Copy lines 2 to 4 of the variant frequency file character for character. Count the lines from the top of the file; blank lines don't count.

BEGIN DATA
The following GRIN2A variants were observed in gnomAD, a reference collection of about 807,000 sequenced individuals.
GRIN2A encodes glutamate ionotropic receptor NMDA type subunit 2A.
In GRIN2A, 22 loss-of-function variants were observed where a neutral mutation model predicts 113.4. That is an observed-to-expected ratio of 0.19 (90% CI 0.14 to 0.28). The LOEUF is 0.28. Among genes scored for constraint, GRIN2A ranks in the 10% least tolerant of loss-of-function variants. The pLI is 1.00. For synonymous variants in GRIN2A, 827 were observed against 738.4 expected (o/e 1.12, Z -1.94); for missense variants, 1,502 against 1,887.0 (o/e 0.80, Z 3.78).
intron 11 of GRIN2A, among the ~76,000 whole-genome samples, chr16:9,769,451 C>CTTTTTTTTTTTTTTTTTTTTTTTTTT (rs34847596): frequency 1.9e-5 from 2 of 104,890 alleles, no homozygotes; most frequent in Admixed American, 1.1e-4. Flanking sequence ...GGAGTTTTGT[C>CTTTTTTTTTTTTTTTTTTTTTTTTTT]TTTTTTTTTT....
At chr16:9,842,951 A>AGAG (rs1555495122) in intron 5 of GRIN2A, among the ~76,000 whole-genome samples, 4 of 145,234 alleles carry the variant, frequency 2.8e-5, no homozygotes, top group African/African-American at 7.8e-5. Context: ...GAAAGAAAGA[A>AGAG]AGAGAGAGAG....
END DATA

GRIN2A encodes glutamate ionotropic receptor NMDA type subunit 2A.
In GRIN2A, 22 loss-of-function variants were observed where a neutral mutation model predicts 113.4. That is an observed-to-expected ratio of 0.19 (90% CI 0.14 to 0.28). The LOEUF is 0.28. Among genes scored for constraint, GRIN2A ranks in the 10% least tolerant of loss-of-function variants. The pLI is 1.00. For synonymous variants in GRIN2A, 827 were observed against 738.4 expected (o/e 1.12, Z -1.94); for missense variants, 1,502 against 1,887.0 (o/e 0.80, Z 3.78).
intron 11 of GRIN2A, among the ~76,000 whole-genome samples, chr16:9,769,451 C>CTTTTTTTTTTTTTTTTTTTTTTTTTT (rs34847596): frequency 1.9e-5 from 2 of 104,890 alleles, no homozygotes; most frequent in Admixed American, 1.1e-4. Flanking sequence ...GGAGTTTTGT[C>CTTTTTTTTTTTTTTTTTTTTTTTTTT]TTTTTTTTTT....